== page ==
The Dresdner Bahnhof closed in 1882 with the enlargement of the Anhalter Bahnhof, but reopened 30 years later in a new role as postal station, the Postbahnhof. It retained this function until final closure in 1997. Buildings of the original Dresdner Bahnhof and of the Postbahnhof survive to the present day, and have seen various uses. The Postbahnhof was for a time a concert venue; the latter has since relocated to a new venue near the Ostbahnhof, but retains the name of Postbahnhof.
There were essentially three stations at Potsdamer Platz: the original Berlin-Potsdamer Eisenbahn station opened in 1838; the Ringbahnhof, which carried traffic to and from the Berlin Ringbahn (orbital railway); and the Wannsee Bahnhof, which took local services running on the Potsdam line as far as Wannsee, thus relieving pressure on the main line station which was then able to concentrate on longer distance services. Both the Ringbahnhof and the Wannsee Bahnhof opened in 1891.
Potsdamer Platz U-Bahn station opened in 1902, though it was at first inconveniently located and moved to a new site in 1907. This provided excellent opportunities for connections from the inner city to the Potsdam line.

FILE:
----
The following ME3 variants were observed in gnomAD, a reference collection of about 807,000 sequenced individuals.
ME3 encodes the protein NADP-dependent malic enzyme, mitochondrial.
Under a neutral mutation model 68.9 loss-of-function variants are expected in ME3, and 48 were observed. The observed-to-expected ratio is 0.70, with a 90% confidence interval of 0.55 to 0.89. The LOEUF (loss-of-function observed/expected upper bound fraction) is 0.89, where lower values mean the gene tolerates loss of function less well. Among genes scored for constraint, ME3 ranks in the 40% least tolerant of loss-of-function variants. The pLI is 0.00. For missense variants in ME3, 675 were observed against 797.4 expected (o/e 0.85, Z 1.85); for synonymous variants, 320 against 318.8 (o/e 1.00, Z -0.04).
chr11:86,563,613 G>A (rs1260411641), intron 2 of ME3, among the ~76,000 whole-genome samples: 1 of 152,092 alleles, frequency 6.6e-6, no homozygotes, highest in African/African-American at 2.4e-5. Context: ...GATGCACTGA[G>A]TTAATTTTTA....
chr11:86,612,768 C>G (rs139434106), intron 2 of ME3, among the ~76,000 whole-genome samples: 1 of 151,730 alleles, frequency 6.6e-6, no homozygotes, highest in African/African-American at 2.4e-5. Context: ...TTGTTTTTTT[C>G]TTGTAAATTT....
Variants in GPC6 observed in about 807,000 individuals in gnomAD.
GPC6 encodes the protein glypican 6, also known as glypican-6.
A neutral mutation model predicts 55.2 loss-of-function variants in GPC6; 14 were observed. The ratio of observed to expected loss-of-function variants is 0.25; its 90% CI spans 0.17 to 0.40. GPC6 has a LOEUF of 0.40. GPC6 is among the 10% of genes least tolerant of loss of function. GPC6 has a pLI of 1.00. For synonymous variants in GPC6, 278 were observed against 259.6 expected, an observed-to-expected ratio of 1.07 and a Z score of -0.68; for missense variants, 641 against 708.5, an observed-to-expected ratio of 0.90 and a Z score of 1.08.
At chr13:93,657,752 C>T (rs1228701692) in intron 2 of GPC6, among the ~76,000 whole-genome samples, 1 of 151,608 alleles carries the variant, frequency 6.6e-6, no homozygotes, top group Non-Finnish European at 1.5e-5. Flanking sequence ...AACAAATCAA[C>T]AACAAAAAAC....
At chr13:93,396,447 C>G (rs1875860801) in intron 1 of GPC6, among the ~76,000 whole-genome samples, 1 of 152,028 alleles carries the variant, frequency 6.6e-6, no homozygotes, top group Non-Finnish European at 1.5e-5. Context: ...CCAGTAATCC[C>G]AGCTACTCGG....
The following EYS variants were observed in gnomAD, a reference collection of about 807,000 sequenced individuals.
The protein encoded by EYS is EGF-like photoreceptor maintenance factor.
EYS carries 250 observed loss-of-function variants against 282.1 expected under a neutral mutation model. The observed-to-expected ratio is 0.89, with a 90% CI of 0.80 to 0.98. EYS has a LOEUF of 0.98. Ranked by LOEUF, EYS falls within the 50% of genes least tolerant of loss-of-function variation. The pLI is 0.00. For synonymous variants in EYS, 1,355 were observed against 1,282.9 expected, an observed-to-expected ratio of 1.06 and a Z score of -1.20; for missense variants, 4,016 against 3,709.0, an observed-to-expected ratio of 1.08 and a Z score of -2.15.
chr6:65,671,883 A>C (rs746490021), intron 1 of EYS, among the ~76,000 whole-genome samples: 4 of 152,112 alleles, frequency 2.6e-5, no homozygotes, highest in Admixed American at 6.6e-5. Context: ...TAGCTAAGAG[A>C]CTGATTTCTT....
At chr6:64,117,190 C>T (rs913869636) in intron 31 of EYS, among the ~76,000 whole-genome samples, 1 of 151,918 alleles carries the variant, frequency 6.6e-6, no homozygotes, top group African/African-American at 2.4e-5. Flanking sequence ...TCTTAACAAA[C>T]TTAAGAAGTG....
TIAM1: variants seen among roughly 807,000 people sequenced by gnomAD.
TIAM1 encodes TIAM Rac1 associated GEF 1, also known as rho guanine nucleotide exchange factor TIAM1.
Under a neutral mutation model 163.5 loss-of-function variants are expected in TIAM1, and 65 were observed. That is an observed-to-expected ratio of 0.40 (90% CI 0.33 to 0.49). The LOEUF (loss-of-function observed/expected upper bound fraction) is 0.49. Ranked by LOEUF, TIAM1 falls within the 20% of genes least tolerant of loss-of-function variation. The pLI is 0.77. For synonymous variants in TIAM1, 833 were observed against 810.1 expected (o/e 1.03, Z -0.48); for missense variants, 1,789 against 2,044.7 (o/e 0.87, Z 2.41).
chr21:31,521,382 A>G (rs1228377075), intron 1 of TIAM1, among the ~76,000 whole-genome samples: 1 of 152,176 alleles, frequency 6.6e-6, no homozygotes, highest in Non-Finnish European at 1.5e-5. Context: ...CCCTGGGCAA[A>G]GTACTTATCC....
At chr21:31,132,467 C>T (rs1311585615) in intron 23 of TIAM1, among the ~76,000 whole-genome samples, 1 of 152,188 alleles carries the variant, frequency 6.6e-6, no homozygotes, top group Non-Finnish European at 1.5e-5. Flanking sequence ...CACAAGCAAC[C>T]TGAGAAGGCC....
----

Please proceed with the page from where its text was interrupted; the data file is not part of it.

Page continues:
The S-Bahn station opened in 1939 but did not serve the main sation for very long; the Potsdamer Bahnhof, together with the adjacent Ringbahnhof and Wannsee Bahnhof, were extensively damaged in the Second World War and never reopened. Long distance trains from Postdam and beyond would thereafter reach Berlin via the Stadtbahn. The line to Wannsee eventually reopened, but as part of the S-Bahn system, connecting with the north-south S-Bahn link north of Yorckstraße.
The site of the Potsdamer Bahnhof is now occupied by a large shopping mall facing Potsdamer Platz. Its former railway approaches have become an attractive public park, the Tilla Durieux Park.
including the photograph at the head of the page and the diagrammatic map of the area.
The 1945 image is copied from a photograph in the possession of the Anhalter Bahnhof Bunker Museum.
All other images are believed to be public domain.
Sources include Wikipedia and Berliner Stadtplanarchiv.